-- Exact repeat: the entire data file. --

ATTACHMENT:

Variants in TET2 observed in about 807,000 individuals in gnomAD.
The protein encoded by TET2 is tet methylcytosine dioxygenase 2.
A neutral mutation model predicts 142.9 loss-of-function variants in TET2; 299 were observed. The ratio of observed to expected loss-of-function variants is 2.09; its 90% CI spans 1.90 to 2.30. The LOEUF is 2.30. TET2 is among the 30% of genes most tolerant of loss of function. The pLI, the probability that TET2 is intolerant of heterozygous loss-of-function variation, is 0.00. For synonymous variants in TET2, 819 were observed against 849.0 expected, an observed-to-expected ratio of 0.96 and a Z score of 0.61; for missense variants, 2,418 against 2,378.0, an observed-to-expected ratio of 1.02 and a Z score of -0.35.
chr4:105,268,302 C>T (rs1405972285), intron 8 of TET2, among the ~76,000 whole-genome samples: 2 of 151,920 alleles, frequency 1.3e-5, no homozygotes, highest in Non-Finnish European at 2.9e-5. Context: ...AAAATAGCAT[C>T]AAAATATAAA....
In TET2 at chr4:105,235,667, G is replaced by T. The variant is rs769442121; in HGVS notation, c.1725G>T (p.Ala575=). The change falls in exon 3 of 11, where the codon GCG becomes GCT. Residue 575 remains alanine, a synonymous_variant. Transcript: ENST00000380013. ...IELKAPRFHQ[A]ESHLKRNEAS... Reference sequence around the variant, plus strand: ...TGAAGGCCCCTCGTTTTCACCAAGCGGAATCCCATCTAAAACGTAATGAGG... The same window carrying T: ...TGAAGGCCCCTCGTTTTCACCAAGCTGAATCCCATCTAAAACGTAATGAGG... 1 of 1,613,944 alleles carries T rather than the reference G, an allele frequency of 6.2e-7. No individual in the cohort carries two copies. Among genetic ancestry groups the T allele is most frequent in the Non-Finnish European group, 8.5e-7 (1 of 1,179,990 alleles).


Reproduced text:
Variants in TET2 observed in about 807,000 individuals in gnomAD.
The protein encoded by TET2 is tet methylcytosine dioxygenase 2.
A neutral mutation model predicts 142.9 loss-of-function variants in TET2; 299 were observed. The ratio of observed to expected loss-of-function variants is 2.09; its 90% CI spans 1.90 to 2.30. The LOEUF is 2.30. TET2 is among the 30% of genes most tolerant of loss of function. The pLI, the probability that TET2 is intolerant of heterozygous loss-of-function variation, is 0.00. For synonymous variants in TET2, 819 were observed against 849.0 expected, an observed-to-expected ratio of 0.96 and a Z score of 0.61; for missense variants, 2,418 against 2,378.0, an observed-to-expected ratio of 1.02 and a Z score of -0.35.
chr4:105,268,302 C>T (rs1405972285), intron 8 of TET2, among the ~76,000 whole-genome samples: 2 of 151,920 alleles, frequency 1.3e-5, no homozygotes, highest in Non-Finnish European at 2.9e-5. Context: ...AAAATAGCAT[C>T]AAAATATAAA....
In TET2 at chr4:105,235,667, G is replaced by T. The variant is rs769442121; in HGVS notation, c.1725G>T (p.Ala575=). The change falls in exon 3 of 11, where the codon GCG becomes GCT. Residue 575 remains alanine, a synonymous_variant. Transcript: ENST00000380013. ...IELKAPRFHQ[A]ESHLKRNEAS... Reference sequence around the variant, plus strand: ...TGAAGGCCCCTCGTTTTCACCAAGCGGAATCCCATCTAAAACGTAATGAGG... The same window carrying T: ...TGAAGGCCCCTCGTTTTCACCAAGCTGAATCCCATCTAAAACGTAATGAGG... 1 of 1,613,944 alleles carries T rather than the reference G, an allele frequency of 6.2e-7. No individual in the cohort carries two copies. Among genetic ancestry groups the T allele is most frequent in the Non-Finnish European group, 8.5e-7 (1 of 1,179,990 alleles).